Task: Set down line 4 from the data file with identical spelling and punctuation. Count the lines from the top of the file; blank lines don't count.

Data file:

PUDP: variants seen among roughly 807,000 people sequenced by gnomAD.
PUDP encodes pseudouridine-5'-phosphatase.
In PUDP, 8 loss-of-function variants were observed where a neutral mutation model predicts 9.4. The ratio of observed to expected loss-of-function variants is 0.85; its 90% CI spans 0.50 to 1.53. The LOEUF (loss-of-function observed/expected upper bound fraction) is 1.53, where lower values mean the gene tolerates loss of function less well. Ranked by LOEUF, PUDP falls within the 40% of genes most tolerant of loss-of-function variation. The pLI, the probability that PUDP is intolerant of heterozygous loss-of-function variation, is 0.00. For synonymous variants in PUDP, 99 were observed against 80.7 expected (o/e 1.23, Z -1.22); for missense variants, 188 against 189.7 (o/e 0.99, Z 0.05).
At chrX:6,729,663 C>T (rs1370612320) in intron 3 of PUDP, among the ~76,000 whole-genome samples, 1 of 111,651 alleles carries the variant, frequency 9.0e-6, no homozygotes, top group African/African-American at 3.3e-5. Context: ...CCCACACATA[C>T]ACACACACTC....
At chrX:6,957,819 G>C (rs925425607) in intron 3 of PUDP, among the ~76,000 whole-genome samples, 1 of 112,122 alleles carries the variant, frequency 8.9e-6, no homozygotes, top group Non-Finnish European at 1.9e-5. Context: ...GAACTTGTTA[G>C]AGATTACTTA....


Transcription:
At chrX:6,729,663 C>T (rs1370612320) in intron 3 of PUDP, among the ~76,000 whole-genome samples, 1 of 111,651 alleles carries the variant, frequency 9.0e-6, no homozygotes, top group African/African-American at 3.3e-5. Context: ...CCCACACATA[C>T]ACACACACTC....